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The aggregate deficit in pension plans sponsored by S&P 1500 companies grew $80 billion in May to $488 billion, according to new figures from Mercer . This deficit corresponds to an aggregate funded ratio of 76% as of May 31 2012 compared to a funded ratio of 79% as of April 30, 2012, and just barely above the funded ratio from 75% at December 31, 2011. Effectively the funding gains achieved in the first three months of 2012 were wiped out by market trends in April and May.
The decrease in funded status in May was attributable to the falling equity markets as well as an increase in liabilities due to declining interest rates. Interest rates on high quality corporate bonds, which are used to measure the pension liability, fell 10-15 basis points during the month, as measured by the Mercer Pension Discount Yield Curve. The yield curve hit an all time low driving the aggregate S&P 1500 liability in excess of $2 trillion for the first time. US equity markets fell 6 percent during May as measured by the S&P 500 total return index. Plan sponsors who hedged their liability by holding a higher allocation in long duration bonds would have seen better asset performance during the month.
“We saw a big step backwards for most US pension plans in May which, on top of declines in April, essentially wiped out the positive performance we saw in the first quarter of the year,” said Jonathan Barry, a partner in Mercer’ Retirement Risk and Finance business. “It’s further proof of the significant volatility that most US plan sponsors are exposed to – in just the past two months we have seen a decline of $152 billion. However, those plan sponsors who have implemented risk management strategies have likely cushioned the blow.
“Long duration fixed income portfolios have continued to perform well, moving in parallel with plan liabilities, and plan sponsors who have implemented risk transfer strategies, such as terminated vested cashouts have effectively taken equity and interest risk off the table for a portion of their plan liabilities, and have been less affected by the market downturn.” said Mr. Barry.
The incentive for defined benefit plan sponsors to address volatility risks was underscored by General Motors’ announcement on June 1 to transfer the pension volatility for most of the company’s salaried retirees, through a combination of voluntary lump sum offers and an annuity purchase by Prudential. Oliver Wyman and Mercer were appointed by State Street, the Independent Fiduciary for the General Motors plan, to act as its insurance advisor on the transaction.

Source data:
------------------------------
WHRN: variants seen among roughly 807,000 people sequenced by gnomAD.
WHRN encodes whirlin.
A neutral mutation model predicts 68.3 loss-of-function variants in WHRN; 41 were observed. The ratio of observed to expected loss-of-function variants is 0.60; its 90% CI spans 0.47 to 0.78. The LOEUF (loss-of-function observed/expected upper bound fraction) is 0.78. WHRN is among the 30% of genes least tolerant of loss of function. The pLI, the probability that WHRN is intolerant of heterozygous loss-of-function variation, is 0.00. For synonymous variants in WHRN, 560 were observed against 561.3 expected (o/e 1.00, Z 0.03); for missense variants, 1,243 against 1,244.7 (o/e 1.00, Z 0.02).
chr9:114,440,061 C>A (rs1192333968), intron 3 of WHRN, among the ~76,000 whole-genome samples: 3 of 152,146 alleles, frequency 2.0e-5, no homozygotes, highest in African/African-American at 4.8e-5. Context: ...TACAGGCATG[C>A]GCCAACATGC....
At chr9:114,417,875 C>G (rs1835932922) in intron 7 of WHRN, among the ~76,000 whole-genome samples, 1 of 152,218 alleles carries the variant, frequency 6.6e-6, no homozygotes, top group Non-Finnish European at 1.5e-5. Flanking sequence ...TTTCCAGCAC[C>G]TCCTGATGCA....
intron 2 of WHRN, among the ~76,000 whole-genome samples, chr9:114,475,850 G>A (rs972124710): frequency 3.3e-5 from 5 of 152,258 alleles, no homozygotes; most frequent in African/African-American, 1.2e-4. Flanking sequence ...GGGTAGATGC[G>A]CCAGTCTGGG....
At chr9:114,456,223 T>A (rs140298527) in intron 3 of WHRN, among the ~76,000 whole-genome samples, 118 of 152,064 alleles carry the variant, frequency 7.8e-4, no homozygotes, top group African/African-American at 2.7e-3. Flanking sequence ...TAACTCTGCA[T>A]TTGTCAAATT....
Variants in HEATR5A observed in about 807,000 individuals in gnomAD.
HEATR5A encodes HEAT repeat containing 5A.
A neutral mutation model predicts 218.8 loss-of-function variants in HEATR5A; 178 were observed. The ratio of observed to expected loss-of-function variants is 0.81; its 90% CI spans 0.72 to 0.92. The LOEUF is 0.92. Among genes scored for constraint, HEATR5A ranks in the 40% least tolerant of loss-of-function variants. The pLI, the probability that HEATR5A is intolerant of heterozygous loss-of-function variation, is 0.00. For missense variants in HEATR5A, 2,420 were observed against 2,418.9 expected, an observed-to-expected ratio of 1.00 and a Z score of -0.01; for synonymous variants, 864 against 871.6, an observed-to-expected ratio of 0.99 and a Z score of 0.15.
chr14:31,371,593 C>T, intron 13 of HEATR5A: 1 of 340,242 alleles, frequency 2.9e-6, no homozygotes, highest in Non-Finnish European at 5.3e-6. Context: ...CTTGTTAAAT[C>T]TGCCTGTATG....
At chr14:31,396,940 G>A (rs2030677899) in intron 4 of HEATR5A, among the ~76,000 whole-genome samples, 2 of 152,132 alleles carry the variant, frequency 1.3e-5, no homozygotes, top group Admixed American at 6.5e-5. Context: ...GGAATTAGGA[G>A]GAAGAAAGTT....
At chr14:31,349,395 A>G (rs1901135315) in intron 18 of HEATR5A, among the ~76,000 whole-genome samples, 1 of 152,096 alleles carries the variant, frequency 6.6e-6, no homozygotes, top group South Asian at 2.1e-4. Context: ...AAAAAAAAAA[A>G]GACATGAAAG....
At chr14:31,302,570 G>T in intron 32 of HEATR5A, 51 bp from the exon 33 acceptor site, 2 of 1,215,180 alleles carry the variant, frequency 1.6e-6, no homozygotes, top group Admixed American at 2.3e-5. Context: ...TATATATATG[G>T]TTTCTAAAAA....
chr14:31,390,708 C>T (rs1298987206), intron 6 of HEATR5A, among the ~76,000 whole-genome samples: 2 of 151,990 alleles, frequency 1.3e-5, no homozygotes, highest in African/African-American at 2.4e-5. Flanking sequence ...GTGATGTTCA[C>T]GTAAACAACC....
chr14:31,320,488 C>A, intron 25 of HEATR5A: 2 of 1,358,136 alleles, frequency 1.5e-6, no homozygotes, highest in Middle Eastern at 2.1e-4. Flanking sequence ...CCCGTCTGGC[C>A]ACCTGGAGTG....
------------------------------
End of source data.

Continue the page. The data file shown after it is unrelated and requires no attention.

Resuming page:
“This is a landmark action,” said Sean Brennan, a principal in Mercer’s Financial Strategies Group. “For some time, we have anticipated that one of these large transactions would occur and would set a precedent. Many other sponsors of large plans have to be looking at this option.”
Mercer estimates the aggregate combined funded status position of plans operated by S&P 1500 companies on a monthly basis. Figure 1 shows the estimated aggregate surplus/(deficit) position and the funded status of all plans operated by companies in the S&P 1500. This is based on projections of their reported financial statements adjusted from each company’s financial year end to May 31 in line with financial indices. This includes US domestic qualified and non-qualified plans and all non-domestic plans. The estimated aggregate value of pension plan assets of the S&P 1500 companies at December 31, 2011, was $1.45 trillion, compared with estimated aggregate liabilities of $1.93 trillion. Allowing for changes in financial markets though the end of May 2012, changes to the S&P 1500 constituents and newly released financial disclosures, the estimated aggregate assets were $1.52 trillion, compared with the estimated aggregate liabilities of $2.01 trillion as of May 31, 2012.
Notes for Editors
Unless otherwise stated, the calculations are based on the Financial Accounting Standard (FAS) funding position and include analysis of the S&P 1500 companies.
Information on the Mercer Yield Curve is available at: www.mercer.com/pensiondiscount
Mercer is a global leader in human resource consulting and related services. The firm works with clients to solve their most complex human capital issues by designing and helping manage health, retirement and other benefits. Mercer’s 20,000 employees are based in more than 40 countries. Mercer is a wholly-owned subsidiary of Marsh & McLennan Companies (NYSE: MMC), a global team of professional services companies offering clients advice and solutions in the areas of risk, strategy and human capital. With 52,000 employees worldwide and annual revenue exceeding $10 billion, Marsh & McLennan Companies is also the parent company of Marsh, a global leader in insurance broking and risk management; Guy Carpenter, a global leader in providing risk and reinsurance intermediary services; and Oliver Wyman, a global leader in management consulting. For more information, visit www.mercer.com. Follow Mercer on Twitter @MercerInsights